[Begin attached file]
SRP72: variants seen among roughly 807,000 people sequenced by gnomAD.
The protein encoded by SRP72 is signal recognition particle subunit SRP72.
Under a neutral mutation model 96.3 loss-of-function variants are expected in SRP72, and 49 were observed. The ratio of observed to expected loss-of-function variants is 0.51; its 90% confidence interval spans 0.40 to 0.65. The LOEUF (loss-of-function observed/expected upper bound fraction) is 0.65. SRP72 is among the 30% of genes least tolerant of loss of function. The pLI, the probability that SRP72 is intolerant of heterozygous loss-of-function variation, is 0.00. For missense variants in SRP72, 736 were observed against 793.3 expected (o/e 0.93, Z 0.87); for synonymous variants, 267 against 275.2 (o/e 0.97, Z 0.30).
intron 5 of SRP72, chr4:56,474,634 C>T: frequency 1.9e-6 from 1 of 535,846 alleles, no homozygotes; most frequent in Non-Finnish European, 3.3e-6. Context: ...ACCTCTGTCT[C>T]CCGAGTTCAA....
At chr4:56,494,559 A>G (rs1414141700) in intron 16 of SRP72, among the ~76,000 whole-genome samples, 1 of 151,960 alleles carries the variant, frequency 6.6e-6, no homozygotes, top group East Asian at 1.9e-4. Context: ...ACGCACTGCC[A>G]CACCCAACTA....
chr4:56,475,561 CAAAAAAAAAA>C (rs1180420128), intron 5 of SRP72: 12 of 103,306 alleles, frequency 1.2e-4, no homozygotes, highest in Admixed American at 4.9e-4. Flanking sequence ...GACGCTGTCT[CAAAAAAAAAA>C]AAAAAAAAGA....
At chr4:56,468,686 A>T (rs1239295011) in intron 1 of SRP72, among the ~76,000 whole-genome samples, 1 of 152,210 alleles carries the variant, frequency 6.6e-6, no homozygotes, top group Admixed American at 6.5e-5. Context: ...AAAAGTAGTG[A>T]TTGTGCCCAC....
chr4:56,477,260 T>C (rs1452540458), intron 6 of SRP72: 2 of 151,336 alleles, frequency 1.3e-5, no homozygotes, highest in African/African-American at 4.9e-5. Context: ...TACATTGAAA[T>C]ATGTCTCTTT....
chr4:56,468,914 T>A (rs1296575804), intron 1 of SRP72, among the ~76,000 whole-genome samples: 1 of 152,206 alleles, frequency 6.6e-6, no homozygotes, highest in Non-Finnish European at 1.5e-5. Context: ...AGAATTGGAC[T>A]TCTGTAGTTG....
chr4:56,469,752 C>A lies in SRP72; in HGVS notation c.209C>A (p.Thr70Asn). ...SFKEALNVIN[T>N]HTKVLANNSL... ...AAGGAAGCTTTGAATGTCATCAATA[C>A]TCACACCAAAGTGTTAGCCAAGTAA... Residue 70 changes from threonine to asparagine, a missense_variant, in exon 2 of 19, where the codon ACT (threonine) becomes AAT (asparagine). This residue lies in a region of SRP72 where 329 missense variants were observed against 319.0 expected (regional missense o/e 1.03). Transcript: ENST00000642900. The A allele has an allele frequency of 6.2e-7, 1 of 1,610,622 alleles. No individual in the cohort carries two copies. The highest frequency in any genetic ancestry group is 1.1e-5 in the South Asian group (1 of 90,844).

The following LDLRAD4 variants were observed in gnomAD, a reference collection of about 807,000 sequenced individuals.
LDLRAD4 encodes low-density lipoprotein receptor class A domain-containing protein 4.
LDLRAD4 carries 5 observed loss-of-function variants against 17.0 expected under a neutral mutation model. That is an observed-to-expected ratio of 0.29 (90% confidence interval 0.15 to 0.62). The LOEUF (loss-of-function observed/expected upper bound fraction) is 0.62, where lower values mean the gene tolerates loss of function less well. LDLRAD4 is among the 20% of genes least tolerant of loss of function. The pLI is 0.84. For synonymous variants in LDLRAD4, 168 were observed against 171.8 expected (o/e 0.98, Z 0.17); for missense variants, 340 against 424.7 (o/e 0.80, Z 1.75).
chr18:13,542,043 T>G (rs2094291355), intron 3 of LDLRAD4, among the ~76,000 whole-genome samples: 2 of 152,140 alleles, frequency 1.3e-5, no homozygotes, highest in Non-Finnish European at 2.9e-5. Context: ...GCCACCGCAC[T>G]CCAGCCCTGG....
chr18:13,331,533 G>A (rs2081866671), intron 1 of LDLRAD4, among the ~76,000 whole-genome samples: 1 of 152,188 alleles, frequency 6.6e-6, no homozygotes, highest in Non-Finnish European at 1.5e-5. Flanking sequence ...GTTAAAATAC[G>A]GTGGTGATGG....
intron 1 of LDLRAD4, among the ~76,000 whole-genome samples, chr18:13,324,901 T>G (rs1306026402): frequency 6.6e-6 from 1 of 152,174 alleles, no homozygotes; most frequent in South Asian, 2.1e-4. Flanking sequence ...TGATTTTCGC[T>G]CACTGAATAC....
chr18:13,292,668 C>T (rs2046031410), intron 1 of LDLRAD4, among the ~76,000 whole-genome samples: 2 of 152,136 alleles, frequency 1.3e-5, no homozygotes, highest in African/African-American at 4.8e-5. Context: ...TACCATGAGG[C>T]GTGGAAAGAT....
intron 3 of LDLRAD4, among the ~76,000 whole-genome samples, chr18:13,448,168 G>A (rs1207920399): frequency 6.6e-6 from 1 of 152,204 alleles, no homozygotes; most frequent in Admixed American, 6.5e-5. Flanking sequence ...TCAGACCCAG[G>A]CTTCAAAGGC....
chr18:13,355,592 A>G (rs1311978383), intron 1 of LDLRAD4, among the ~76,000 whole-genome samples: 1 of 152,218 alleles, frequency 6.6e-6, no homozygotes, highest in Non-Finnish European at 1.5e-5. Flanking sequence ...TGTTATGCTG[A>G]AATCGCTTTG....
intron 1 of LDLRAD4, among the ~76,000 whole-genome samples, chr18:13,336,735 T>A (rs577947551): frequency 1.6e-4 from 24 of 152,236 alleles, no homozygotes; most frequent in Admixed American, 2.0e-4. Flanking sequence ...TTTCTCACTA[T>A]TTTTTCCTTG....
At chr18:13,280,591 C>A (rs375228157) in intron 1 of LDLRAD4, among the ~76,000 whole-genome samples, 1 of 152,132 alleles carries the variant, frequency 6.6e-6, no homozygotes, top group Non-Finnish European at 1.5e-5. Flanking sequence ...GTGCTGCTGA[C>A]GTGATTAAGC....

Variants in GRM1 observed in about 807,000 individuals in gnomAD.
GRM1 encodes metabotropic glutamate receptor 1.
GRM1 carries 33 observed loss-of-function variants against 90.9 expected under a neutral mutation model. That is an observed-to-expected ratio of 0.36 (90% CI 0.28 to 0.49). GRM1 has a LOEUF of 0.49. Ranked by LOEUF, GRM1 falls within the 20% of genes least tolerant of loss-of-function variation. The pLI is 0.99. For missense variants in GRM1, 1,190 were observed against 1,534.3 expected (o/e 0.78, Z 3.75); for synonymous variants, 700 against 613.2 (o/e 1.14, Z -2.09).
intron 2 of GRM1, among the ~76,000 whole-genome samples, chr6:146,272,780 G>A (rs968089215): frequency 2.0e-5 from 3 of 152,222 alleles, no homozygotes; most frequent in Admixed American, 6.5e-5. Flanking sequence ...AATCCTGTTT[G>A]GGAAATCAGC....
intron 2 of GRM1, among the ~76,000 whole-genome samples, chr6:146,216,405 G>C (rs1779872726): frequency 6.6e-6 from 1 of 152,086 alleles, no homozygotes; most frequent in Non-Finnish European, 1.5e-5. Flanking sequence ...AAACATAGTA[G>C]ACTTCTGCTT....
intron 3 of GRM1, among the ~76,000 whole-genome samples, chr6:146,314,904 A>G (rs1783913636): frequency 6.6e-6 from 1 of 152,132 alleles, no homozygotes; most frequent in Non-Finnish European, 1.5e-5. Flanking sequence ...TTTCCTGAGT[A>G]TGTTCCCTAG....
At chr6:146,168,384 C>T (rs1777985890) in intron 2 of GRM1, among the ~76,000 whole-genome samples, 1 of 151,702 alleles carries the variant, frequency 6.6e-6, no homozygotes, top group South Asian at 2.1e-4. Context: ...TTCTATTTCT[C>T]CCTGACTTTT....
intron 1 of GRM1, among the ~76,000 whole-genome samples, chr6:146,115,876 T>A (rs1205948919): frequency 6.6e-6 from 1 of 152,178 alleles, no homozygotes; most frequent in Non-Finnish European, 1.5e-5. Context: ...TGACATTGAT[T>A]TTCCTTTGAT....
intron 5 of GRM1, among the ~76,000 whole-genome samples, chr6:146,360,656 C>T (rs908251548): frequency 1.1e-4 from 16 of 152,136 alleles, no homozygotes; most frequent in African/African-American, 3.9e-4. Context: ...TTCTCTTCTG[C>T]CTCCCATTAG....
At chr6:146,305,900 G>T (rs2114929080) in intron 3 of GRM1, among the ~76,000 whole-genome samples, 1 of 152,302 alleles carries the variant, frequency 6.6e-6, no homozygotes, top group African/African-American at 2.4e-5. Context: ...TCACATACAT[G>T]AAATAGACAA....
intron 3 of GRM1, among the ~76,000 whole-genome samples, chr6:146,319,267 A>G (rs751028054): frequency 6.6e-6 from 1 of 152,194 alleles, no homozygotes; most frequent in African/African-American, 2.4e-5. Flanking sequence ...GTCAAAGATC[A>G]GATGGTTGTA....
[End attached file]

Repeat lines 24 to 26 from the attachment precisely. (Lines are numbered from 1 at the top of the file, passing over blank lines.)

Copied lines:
GRM1 carries 33 observed loss-of-function variants against 90.9 expected under a neutral mutation model. That is an observed-to-expected ratio of 0.36 (90% CI 0.28 to 0.49). GRM1 has a LOEUF of 0.49. Ranked by LOEUF, GRM1 falls within the 20% of genes least tolerant of loss-of-function variation. The pLI is 0.99. For missense variants in GRM1, 1,190 were observed against 1,534.3 expected (o/e 0.78, Z 3.75); for synonymous variants, 700 against 613.2 (o/e 1.14, Z -2.09).
intron 2 of GRM1, among the ~76,000 whole-genome samples, chr6:146,272,780 G>A (rs968089215): frequency 2.0e-5 from 3 of 152,222 alleles, no homozygotes; most frequent in Admixed American, 6.5e-5. Flanking sequence ...AATCCTGTTT[G>A]GGAAATCAGC....
intron 2 of GRM1, among the ~76,000 whole-genome samples, chr6:146,216,405 G>C (rs1779872726): frequency 6.6e-6 from 1 of 152,086 alleles, no homozygotes; most frequent in Non-Finnish European, 1.5e-5. Flanking sequence ...AAACATAGTA[G>C]ACTTCTGCTT....